MANILA, Nov 5 (Mabuhay) — The Bangko Sentral ng Pilipinas on Friday said the elevated inflation rate has seen to persist towards the end of the year due to upside risks but will likely decelerate in 2023.
“Inflation is projected to remain elevated for the rest of 2022 but will likely decelerate in 2023 due to easing global oil and non-oil prices, negative base effects from transport fare adjustments in 2022, and as the impact of BSP’s cumulative policy rate adjustments take hold on the economy,” BSP said in a press statement.
The central bank said that although the projected outlook is that risks remain on the upside until next year, they “are seen to be broadly balanced for 2024.”
Earlier the Philippine Statistics Authority (PSA) reported another surge in the domestic inflation rate last October when it climbed to 7.7 percent, the highest since December 2008.
Last month’s inflation rate was a little short of a 1 percent jump from September’s 6.9 percent, and 4 percent higher than last year’s, bringing the average inflation to date to 5.4 percent, further exceeding the government’s 2-4 percent target band.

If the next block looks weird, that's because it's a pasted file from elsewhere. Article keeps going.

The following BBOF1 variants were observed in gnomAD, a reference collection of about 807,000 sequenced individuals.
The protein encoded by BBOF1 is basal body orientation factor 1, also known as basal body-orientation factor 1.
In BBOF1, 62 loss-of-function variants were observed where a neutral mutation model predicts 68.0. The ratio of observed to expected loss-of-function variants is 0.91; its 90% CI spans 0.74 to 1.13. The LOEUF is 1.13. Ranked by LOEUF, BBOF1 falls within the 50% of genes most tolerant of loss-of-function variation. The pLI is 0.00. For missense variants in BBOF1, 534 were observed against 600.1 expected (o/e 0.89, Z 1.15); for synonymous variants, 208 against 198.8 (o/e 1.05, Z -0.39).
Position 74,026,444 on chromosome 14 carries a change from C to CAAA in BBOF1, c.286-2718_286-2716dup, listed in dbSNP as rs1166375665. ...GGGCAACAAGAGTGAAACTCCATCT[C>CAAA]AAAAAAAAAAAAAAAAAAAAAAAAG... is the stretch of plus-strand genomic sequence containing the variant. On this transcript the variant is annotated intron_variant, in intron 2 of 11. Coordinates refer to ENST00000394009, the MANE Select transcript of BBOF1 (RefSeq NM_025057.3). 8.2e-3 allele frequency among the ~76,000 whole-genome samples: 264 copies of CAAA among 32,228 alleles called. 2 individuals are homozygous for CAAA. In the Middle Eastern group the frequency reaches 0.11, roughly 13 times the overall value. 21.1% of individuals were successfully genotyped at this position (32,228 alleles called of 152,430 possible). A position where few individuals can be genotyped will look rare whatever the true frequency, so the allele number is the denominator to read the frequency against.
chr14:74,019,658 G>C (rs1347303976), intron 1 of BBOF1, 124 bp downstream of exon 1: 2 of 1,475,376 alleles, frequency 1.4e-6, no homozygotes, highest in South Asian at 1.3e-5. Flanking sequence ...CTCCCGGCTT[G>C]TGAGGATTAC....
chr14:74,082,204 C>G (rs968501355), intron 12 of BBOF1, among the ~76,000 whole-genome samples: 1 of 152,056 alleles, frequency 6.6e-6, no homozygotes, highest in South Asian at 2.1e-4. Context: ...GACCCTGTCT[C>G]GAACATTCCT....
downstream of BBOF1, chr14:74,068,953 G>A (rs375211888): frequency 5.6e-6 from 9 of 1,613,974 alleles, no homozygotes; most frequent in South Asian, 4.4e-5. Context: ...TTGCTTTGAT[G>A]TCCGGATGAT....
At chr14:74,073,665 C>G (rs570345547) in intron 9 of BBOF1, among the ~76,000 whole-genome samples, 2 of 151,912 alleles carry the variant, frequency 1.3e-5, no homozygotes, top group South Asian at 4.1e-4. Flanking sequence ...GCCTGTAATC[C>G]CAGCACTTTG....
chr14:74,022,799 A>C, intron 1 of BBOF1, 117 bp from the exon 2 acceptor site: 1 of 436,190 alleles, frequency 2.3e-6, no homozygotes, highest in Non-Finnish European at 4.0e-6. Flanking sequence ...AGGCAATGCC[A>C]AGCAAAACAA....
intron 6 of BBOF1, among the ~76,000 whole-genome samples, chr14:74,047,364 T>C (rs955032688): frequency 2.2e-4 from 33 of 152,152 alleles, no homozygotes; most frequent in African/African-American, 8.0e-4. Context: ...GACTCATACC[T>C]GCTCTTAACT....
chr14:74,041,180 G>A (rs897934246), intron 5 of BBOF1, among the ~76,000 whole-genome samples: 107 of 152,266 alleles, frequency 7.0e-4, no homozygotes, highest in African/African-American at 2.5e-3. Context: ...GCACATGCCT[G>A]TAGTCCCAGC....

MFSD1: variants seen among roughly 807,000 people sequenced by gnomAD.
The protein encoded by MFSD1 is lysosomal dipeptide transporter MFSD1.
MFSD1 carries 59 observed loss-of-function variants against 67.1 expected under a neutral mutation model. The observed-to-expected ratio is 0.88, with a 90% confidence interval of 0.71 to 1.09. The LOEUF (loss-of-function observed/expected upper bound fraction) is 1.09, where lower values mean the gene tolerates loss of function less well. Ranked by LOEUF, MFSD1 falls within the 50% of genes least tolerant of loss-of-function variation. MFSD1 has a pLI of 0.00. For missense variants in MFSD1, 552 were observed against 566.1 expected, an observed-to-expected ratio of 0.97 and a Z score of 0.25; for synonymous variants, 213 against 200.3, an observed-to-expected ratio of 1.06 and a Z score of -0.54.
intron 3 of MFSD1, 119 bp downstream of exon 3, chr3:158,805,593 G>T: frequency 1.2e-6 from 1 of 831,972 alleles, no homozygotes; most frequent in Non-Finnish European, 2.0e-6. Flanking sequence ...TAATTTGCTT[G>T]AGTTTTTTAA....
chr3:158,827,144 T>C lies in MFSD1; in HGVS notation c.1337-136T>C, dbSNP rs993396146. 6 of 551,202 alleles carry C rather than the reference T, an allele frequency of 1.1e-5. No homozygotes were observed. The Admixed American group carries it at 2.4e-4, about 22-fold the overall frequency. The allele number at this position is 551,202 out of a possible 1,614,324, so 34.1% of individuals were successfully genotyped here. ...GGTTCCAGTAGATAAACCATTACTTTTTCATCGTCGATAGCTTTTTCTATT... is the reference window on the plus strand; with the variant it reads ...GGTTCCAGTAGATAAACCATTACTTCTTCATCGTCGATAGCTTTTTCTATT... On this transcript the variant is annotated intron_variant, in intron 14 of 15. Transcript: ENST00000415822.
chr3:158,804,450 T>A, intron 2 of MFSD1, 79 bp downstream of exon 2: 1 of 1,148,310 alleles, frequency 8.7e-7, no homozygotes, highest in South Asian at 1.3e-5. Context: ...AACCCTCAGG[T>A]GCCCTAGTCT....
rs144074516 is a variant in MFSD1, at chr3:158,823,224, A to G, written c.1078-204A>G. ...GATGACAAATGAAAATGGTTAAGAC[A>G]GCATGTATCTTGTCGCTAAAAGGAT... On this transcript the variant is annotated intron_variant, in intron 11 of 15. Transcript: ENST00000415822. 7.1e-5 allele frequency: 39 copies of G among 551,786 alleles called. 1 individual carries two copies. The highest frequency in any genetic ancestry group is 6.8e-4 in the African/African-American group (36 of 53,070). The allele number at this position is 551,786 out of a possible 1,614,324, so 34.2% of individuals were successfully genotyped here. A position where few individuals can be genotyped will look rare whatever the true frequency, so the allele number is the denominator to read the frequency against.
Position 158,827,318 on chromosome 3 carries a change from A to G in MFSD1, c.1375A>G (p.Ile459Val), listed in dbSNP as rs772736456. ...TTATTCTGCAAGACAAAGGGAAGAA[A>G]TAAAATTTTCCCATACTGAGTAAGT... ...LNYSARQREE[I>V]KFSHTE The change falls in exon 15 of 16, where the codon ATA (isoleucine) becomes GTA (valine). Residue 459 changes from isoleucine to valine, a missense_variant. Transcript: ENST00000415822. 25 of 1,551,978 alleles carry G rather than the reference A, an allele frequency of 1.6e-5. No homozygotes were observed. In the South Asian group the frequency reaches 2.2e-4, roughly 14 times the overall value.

The latest inflation print remains within the central bank’s 7.1-7.9 percent projection.
“The potential impact of higher global non-oil prices, additional transport fare hikes, increased food prices owing to weather disturbances, and a sharp rise in sugar prices, are the major upside risks to the inflation outlook,” it said.
The agency, however, noted that “the impact of a weaker-than-expected global economic recovery is the primary downside risk to the outlook.”
It said these current developments are to be reviewed by its policy-making Monetary Board (MB) during its rate-setting meeting on November 17 to check its impact on monetary policy.
“The BSP remains prepared to take all further monetary policy actions necessary to bring inflation back to the target over the medium term. The BSP also continues to strongly urge the timely implementation of non-monetary government interventions to mitigate the impact of persistent supply-side pressures on inflation,” it added. (MNS)